Notice the key words – “I think..”. Not really. If he did his first inclination wouldn’t be to consider the opposition to the government takeover of health care as “animosity toward President Barack Obama”. If he really thought about it, he’d have to factor in the trillions of dollars that have been poured into banks, financial institutions and car companies – something a majority of the nation was strongly against. If he actually did think about it he’d have to consider the 9 trillion dollars in budget deficits conservatively promised and a trillion dollar “stimulus” bill that isn’t working. And cap-and-trade that will increase the cost of energy for everyone, not to mention a pork laden 700 billion spending bill passed by Congress and signed by the president.
If Carter actually did think about things instead of taking the easy way out and playing the race card, he’d have to confront the real reasons for much of the anger and animosity and recognize they have nothing to do with the race or color of the president, but instead with the direction of the country. If Carter’s thesis is true then he will be able to easily explain why the independents, the primary group which elected Barack Obama, have been deserting the Democrats in droves.
Did they suddenly develop racist “inclinations”? Or is it possible they feel that hope-and-change was really just bait-and-switch?
UPDATE: How well is the race card playing? About as well as you might expect:
Twelve percent (12%) of voters nationwide believe that most opponents of President Obama’s health care reform plan are racist. The latest Rasmussen Reports national telephone survey finds that 67% of voters disagree, and 21% are not sure.
When every set back or bit of opposition is blamed on race, pretty soon it becomes another in a long line of excuses for failure instead of a real reason to be concerned.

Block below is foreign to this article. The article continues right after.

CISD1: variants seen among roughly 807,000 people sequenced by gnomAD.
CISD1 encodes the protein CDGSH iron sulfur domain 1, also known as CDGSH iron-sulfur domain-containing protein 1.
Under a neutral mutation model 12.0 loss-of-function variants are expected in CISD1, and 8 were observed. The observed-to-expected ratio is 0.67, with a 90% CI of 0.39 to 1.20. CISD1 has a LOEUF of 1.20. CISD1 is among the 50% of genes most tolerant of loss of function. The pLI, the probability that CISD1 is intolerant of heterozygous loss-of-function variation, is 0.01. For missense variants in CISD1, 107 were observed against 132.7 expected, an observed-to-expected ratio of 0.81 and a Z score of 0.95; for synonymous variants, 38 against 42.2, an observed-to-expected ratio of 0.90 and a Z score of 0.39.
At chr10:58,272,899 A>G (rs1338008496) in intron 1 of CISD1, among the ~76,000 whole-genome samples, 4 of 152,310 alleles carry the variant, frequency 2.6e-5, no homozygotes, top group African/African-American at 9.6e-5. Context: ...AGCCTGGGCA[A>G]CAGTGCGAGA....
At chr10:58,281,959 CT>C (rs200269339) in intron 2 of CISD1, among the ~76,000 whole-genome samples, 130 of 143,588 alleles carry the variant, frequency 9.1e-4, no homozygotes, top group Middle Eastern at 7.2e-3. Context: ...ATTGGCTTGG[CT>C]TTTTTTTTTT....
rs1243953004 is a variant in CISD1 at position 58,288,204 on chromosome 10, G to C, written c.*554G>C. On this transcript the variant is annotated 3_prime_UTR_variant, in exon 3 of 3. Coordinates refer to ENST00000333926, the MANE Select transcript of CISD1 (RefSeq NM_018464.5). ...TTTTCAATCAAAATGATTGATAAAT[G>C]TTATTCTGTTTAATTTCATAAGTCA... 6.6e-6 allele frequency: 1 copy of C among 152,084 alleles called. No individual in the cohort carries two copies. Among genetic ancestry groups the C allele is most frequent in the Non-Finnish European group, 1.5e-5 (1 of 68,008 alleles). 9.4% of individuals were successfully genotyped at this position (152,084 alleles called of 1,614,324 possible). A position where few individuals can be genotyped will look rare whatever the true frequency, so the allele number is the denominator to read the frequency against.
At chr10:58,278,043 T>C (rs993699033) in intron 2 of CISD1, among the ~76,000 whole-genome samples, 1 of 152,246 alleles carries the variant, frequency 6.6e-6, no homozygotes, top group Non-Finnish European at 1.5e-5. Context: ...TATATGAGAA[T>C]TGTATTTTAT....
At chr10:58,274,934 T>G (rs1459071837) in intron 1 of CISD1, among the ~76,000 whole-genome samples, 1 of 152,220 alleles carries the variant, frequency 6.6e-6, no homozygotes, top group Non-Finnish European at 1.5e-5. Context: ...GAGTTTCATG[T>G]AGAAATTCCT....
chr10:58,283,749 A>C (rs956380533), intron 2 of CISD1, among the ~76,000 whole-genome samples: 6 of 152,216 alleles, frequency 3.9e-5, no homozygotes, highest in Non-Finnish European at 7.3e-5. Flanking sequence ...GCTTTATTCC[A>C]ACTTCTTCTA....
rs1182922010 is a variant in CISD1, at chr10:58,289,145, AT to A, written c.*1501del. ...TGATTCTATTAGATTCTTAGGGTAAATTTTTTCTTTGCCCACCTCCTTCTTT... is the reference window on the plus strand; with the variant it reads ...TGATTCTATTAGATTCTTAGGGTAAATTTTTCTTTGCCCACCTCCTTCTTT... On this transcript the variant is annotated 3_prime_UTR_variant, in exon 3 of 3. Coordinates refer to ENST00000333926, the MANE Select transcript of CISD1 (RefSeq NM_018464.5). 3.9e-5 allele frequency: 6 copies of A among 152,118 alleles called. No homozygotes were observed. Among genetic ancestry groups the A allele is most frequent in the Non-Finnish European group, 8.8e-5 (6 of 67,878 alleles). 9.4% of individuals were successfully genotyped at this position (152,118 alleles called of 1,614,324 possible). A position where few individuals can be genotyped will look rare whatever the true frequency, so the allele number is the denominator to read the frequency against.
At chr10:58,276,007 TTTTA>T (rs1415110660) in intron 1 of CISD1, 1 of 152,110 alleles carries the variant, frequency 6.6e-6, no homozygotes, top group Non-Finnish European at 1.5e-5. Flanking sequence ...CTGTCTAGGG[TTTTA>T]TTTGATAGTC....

The Democrats have made the claim that the AMA, doctors and nurses all support the Obama plan for health care reform. But if a new IBD/TIPP poll is to believed, it is possible a large number of doctors would leave their practice if the present version of health care reform was passed:
Two of every three practicing physicians oppose the medical overhaul plan under consideration in Washington, and hundreds of thousands would think about shutting down their practices or retiring early if it were adopted, a new IBD/TIPP Poll has found.
And, like most Americans, a majority of doctors polled found the administration claims to be unbelievable:
72% of the doctors polled disagree with the administration’s claim that the government can cover 47 million more people with better-quality care at lower cost.
Two-thirds, or 65%, of doctors say they oppose the proposed government expansion plan. This contradicts the administration’s claims that doctors are part of an “unprecedented coalition” supporting a medical overhaul.
Another fact that should be taken into consideration when the administration claims that the AMA supports their plan, presently the AMA only represents 18% of American physicians.
Four of nine doctors, or 45%, said they “would consider leaving their practice or taking an early retirement” if Congress passes the plan the Democratic majority and White House have in mind.
In 2006, there were 800,000 doctors practicing in the US. A 45% reduction would leave 440,000 doctors to treat the present insured population plus the 40 million more the administration plans to add.
I’ll leave it to you to do the math, but if you can figure out how fewer physicians and more patients equals less cost, better care and no changes in the health care you enjoy today, I’d be interested to hear it.
If the answer is “rationing care”, I believe we’ve been saying that for quite some time, haven’t we?